An upcoming report from the Algorithmic Justice League (AJL), a private nonprofit organization, recommends requiring disclosure when an AI model is used, and creating a public repository of incidents where AI has caused harm. The repository can help auditors detect potential algorithm problems and help regulators investigate or fine repeat offenders. AJL co-founder Joy Buolamwini co-authored an influential 2018 review that found that face recognition algorithms work best on white men and worst on dark-skinned women.
The report says that it is crucial that auditors are independent and that results are publicly available. Without these safeguards, “there is no accountability mechanism at all,” says AJL research director Sasha Costanza-Chock. “If they want to, they can just bury it; if a problem exists, there is no guarantee that it will be resolved. It’s toothless, it’s a secret, and the auditors have no leverage. ”
Deb Raji is a fellow at AJL who evaluates audits and she participated in the 2018 audit of face recognition algorithms. She warns that Big Tech companies seem to take a more adversarial approach to external auditors, sometimes threatening lawsuits based on privacy or anti-hacking reasons. In August, Facebook prevented NYU academics from monitoring political advertising spending and thwarted a German researcher’s efforts to investigate the Instagram algorithm.
Raji calls for the establishment of an audit supervisory board in a federal agency to do things like enforce standards or mediate disputes between auditors and firms. Such a board could be formed according to the Financial Accounting Standards Board or the Food and Drug Administration’s standards for the evaluation of medical devices.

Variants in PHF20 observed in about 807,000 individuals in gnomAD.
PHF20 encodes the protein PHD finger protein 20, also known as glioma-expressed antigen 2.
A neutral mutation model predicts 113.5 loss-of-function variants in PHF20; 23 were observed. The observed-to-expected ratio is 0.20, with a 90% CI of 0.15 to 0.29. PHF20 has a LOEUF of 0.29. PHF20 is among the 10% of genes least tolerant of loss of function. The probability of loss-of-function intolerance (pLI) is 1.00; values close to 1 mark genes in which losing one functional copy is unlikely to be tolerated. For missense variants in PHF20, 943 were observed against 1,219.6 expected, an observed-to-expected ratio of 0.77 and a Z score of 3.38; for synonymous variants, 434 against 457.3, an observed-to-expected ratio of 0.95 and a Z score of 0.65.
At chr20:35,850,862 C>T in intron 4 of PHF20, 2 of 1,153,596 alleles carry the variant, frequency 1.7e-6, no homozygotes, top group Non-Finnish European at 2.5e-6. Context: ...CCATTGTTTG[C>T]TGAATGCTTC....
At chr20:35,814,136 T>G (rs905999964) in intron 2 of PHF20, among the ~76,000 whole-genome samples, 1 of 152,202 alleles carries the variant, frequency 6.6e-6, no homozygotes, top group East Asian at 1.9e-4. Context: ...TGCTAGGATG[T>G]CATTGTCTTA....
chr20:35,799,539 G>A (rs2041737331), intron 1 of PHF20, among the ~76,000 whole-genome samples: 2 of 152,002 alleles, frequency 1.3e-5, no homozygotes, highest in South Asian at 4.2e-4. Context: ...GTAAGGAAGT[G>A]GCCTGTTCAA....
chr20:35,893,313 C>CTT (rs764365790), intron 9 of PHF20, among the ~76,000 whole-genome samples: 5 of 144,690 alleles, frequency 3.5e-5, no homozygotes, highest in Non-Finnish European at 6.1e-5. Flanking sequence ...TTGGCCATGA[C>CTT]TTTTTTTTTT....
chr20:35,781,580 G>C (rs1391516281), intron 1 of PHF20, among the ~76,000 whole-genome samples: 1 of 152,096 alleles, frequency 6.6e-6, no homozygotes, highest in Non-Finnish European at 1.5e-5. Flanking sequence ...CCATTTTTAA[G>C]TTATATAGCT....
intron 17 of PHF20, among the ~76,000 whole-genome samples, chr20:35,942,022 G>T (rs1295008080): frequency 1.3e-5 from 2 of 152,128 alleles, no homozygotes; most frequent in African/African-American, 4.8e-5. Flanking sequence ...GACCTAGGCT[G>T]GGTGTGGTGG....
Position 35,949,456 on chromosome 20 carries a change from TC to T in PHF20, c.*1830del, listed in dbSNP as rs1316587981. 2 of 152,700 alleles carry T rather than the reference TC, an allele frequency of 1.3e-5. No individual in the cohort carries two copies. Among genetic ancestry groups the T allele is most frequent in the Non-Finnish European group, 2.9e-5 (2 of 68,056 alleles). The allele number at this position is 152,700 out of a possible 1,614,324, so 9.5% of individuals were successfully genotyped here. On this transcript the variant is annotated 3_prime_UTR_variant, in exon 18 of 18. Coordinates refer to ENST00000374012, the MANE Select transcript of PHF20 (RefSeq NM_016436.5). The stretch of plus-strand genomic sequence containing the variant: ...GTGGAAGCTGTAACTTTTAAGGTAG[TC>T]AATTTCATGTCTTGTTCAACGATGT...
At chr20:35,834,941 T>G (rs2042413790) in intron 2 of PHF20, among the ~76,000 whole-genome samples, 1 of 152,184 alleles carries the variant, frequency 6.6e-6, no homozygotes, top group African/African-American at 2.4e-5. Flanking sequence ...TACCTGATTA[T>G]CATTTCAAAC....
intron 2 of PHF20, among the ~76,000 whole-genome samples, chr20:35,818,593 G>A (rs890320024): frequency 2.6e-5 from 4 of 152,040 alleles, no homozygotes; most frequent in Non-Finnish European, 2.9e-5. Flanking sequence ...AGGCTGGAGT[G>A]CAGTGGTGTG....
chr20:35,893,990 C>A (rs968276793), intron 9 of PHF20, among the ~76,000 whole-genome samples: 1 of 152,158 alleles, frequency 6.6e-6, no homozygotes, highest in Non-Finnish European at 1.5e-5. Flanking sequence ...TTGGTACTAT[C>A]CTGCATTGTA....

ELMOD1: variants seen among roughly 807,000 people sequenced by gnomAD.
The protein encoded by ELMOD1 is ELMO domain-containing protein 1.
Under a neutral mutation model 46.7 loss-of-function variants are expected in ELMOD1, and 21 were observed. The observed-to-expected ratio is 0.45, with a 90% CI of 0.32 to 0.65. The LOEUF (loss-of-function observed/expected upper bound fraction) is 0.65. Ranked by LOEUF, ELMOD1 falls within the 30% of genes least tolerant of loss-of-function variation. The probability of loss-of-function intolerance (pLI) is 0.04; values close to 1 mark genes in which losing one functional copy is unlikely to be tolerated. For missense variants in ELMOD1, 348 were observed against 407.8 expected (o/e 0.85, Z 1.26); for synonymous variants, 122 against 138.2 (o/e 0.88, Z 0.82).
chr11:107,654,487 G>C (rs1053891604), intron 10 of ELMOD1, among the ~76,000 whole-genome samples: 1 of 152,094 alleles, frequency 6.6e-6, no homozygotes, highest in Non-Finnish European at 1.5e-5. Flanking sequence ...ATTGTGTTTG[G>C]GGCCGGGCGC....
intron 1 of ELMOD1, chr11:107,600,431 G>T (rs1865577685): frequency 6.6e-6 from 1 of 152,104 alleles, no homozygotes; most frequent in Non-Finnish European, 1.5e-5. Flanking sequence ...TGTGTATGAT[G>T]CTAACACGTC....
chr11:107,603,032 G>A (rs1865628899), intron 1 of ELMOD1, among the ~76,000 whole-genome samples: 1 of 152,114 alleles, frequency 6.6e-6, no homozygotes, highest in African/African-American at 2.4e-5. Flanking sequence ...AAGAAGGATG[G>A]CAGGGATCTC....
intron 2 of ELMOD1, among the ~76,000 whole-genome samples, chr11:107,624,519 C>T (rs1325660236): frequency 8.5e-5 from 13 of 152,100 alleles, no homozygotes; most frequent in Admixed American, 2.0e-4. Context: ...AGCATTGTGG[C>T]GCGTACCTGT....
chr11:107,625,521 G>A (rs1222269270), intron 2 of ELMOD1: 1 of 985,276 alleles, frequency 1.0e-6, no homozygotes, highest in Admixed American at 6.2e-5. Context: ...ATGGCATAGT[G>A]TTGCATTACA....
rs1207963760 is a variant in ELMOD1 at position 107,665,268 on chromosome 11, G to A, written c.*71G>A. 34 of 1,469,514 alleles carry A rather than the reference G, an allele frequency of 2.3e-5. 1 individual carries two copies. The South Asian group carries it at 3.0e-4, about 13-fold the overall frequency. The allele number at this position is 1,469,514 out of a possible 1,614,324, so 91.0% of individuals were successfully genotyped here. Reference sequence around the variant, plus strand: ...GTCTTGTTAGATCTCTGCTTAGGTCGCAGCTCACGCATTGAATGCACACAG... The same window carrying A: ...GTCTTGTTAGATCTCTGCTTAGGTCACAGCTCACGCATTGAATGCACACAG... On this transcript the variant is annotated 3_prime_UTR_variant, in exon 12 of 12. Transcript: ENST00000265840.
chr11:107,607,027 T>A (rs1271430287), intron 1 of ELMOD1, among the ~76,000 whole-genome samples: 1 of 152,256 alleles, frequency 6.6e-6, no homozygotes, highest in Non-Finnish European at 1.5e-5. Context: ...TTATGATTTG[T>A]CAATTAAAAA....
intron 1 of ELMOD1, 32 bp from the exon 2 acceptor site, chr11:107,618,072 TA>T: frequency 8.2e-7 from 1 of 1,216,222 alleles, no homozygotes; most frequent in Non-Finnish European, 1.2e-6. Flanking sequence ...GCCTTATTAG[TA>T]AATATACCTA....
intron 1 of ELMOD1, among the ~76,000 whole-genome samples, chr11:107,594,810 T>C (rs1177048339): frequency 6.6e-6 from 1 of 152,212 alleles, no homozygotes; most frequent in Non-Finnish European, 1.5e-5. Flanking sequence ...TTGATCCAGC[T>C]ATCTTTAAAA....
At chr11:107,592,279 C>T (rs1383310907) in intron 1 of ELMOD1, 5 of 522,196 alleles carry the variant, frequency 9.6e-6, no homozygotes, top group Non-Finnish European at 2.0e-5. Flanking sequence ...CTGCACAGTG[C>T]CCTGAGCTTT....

Auditing standards and auditors are important because growing demands to regulate AI have led to the creation of a number of audit startups, some by critics of AI, and others that may be more favorable to the companies they audit. In 2019, a coalition of AI researchers from 30 organizations recommended external audits and regulation, creating a marketplace for auditors as part of building AI that people trust with verifiable results.
Cathy O’Neil started a company, O’Neil Risk Consulting & Algorithmic Auditing (Orcaa), in part to assess AI that is invisible or inaccessible to the public. For example, Orcaa works with state attorneys in four U.S. states to evaluate financial or consumer product algorithms. But O’Neil says she’s losing potential customers because companies want to maintain plausible denial and don’t want to know if or how their AI is hurting people.
Earlier this year, Orcaa conducted an audit of an algorithm that HireVue used to analyze people’s faces during job interviews. A press release from the company claimed that the audit found no issues with accuracy or bias, but the audit made no attempt to assess the system code, training data or performance for different groups of people. Critics said HireVue’s characterization of the audit was misleading and unattainable. Shortly before the release of the review, HireVue said it would stop using AI in video job interviews.
O’Neil believes that revisions can be useful, but she says that in some respects it is too early to take the approach prescribed by AJL, in part because there are no standards for revisions and we do not fully understand the ways in which AI harms people. Instead, O’Neil prefers another approach: algorithmic impact assessments.
While an audit may evaluate the output of an AI model to see if, for example, it treats men differently than women, an impact assessment may focus more on how an algorithm was designed, who may be harmed, and who is responsible. if things go wrong. In Canada, companies must assess the risk to individuals and communities by implementing an algorithm; In the United States, assessments are being developed to determine when AI is low or high risk, and to quantify how much people trust AI.
The idea of measuring impact and potential damage began in the 1970s with the National Environmental Protection Act, which led to the creation of environmental impact statements. These reports take into account factors from pollution to the potential discovery of ancient artifacts; similarly, impact assessments for algorithms would take into account a wide range of factors.